8 phone interview tips for career success
Originally published by Career Success Australia
The next step after applying for a job is preparing for the initial interview you will have with a recruiter, which is usually conducted over the phone. So, no doubt you’ll be looking for phone interview tips to make you feel nothing short of confident.
It’s a stage of the recruitment process where the recruiter will be analysing the way you converse and thus communicate who you are as a person and potential employee. This means getting across your value is important during this stage.
Sometimes, phone interviews are more difficult than face-to-face interviews. Why is that?
They are more difficult because we rely on reading people’s body language. Clearly we can’t do this during a phone interview! This makes it hard to gauge if your answer is on the right track. However, you can listen out for cues.
If the interviewer uses words like “great” or “excellent” after your answer, it generally means you’ve done well. Though, there are some recruiters and HR managers that will use these words even if your answer was not what they were after. In this case, you can always ask, “Did that answer your question?”
There are two types of telephone interviews:
Job interview screening calls
Interview screening calls take about five minutes. HR managers and recruiters conduct job interview screening calls to check:
(a) Your PR status
(b) Your communication skills. Do you have a thick accent or poor communication skills? This may count against you if the job you applied for requires good English skills. They’ll usually test your speaking skills by asking, “Can you tell me about yourself?”
(c) Details in your Resume. Some interview screening calls will test your Resume knowledge. They will try and catch you out by asking something specific such as, “Tell me more about how you reduced costs by 18% at IBM?” If you can’t answer…you’re in trouble!
Formal phone interviews
A formal phone interview can take between 20 – 40 minutes. This is where they will call and say, “You presented a strong application and I’d like to arrange a phone interview with you”. If they ask if you’re available now, it’s better to say, “I’m just about to go into an appointment, can I call you back in an hour?” This gives you precious time to prepare!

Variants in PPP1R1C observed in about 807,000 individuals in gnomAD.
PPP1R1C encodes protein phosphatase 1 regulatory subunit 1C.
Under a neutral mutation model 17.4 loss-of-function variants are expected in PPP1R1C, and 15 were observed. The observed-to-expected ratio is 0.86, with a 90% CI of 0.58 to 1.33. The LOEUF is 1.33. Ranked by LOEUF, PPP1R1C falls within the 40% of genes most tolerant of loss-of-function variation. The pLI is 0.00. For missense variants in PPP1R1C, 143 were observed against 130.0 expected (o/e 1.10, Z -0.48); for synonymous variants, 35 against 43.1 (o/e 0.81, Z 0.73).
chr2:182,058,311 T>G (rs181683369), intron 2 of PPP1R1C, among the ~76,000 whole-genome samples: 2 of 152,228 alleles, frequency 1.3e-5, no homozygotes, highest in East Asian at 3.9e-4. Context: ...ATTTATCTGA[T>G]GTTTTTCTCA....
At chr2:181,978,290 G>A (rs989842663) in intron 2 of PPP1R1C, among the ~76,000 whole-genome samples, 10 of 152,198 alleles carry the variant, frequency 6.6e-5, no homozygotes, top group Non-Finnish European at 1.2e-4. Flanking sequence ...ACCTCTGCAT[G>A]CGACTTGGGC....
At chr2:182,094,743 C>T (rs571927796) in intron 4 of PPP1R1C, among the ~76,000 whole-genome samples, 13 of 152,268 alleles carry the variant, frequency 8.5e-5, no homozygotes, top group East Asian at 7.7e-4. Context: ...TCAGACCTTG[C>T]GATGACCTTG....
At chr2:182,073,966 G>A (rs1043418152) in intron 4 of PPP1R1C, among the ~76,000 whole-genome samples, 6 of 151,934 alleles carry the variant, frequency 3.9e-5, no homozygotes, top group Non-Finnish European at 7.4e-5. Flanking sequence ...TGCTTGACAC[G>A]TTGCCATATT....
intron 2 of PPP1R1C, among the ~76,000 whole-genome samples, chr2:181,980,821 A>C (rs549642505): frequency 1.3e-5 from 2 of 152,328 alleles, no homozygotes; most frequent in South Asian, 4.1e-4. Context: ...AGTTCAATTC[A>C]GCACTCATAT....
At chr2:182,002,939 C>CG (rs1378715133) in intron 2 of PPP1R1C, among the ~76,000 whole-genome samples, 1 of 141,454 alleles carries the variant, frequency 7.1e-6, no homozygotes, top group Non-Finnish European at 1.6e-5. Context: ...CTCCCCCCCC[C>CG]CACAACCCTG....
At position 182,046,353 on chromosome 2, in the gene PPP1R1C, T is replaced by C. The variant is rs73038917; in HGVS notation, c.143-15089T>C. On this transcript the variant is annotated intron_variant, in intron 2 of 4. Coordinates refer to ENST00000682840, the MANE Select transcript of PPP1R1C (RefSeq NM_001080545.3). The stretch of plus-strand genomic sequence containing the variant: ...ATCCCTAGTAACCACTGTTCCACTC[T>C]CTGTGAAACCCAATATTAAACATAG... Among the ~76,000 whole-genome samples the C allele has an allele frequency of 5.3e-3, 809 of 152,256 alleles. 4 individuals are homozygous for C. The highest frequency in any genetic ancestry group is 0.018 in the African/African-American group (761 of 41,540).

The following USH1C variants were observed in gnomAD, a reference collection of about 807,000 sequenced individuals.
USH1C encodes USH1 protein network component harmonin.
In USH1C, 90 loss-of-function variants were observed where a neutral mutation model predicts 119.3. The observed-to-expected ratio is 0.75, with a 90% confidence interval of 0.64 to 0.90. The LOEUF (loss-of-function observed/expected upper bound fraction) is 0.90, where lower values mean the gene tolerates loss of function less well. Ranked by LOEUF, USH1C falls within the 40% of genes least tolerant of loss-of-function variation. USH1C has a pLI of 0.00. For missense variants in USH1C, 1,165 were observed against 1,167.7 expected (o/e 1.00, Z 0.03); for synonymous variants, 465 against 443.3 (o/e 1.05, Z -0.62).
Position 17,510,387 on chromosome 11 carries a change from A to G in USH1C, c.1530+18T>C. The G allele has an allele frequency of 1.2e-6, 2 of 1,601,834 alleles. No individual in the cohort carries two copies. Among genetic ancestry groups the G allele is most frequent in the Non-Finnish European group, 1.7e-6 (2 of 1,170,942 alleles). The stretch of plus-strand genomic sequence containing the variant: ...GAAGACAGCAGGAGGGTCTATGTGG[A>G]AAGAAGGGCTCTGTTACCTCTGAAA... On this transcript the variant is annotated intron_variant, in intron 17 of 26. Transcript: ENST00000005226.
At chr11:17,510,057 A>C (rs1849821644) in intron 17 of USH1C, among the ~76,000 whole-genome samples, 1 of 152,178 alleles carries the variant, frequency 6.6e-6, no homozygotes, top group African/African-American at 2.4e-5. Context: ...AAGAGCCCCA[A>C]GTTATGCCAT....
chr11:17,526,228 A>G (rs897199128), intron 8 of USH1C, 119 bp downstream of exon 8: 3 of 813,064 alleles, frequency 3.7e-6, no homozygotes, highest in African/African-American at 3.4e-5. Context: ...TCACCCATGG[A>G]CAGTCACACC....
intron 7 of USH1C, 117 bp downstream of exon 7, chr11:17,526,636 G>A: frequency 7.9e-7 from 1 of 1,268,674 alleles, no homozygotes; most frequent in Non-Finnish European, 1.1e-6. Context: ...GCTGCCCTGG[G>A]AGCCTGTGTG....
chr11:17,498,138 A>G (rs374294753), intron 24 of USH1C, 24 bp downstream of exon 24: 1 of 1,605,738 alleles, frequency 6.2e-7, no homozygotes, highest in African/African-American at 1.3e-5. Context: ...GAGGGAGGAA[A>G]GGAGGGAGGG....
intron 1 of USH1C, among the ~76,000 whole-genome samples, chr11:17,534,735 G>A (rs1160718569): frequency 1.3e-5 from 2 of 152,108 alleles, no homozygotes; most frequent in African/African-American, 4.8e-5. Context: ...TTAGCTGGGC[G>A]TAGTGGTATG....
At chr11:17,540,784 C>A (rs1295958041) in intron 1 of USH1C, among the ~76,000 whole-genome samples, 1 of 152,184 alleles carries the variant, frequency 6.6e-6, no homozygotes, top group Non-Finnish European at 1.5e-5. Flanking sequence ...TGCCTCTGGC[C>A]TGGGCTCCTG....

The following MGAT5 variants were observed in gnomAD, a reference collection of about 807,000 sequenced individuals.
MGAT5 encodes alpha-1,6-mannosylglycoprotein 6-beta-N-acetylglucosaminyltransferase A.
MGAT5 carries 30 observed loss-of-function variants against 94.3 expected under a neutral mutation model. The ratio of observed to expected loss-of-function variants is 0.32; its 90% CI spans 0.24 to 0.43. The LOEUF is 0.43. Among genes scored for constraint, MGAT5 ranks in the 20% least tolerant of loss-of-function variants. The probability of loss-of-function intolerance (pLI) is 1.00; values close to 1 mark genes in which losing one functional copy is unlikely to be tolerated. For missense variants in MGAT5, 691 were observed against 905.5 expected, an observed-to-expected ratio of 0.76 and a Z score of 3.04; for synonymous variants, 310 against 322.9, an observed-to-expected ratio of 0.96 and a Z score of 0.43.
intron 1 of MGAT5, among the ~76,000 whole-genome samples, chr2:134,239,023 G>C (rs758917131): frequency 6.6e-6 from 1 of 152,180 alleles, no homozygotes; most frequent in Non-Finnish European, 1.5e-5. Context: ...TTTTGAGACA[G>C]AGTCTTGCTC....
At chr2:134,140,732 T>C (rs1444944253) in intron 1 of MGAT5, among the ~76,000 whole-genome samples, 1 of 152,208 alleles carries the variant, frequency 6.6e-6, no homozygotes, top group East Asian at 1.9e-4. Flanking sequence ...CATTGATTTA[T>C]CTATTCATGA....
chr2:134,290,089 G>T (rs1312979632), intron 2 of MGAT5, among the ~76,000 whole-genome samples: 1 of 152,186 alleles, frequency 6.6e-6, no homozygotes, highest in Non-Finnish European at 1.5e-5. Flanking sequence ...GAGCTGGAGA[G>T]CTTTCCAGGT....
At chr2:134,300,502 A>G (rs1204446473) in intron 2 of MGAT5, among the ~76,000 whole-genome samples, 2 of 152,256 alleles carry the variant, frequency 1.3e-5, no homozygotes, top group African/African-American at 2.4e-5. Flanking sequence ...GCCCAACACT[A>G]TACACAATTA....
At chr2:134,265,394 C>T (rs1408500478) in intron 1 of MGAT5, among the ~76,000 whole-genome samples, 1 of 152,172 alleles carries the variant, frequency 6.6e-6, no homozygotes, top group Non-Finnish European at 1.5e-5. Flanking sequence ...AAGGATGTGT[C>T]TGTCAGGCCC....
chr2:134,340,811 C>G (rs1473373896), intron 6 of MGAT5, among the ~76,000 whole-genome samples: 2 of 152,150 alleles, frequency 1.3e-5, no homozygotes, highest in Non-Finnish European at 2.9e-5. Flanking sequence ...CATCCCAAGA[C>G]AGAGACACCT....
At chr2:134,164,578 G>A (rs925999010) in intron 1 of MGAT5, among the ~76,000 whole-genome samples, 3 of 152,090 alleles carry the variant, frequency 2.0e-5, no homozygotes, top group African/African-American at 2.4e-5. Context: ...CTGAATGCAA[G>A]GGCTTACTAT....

Formal phone interviews are similar to face-to-face interviews in that you will have to answer a mix of technical and behavioural interview questions. It’s critical to prepare for this interview in the same way you would for a face-to-face job interview.
Here are eight phone interview tips to sell yourself exceptionally:
1. Prepare first
The best thing about taking a phone interview is that you can use a “cheat sheet” if you want. This sheet can include a list of key terms from the job application and note all the things you want to say and questions you would like to ask.
Be prepared to answer the first question, “Can you tell me a bit about yourself?” This is your 30-second elevator pitch to summarise your skills, background and expertise, which will quickly sell you to the recruiter. Keep it handy on your cheat sheet! It should explain what type of asset you would be for a company and the value you can bring to it.
If you’ve managed to buy time and return the interviewer’s call at a later time, make sure you have your Resume and the job ad in front of you when you call back so you can refer to them.
2. Go somewhere quiet
No one likes to hear noise during a phone conversation because it distracts each person from the matter at hand. Remove yourself from any areas that are distracting, noisy or just plain loud. Try taking the phone call indoors and somewhere where you can be on your own to make sure you are giving the conversation your full attention.
Never answer your phone in a shopping centre or where it sounds ‘unprofessional’. Driving is OK as long as you have hands-free. Taking the call while driving is a good way to buy time. You can say, “I’m just driving home now, can I call you in a half an hour?”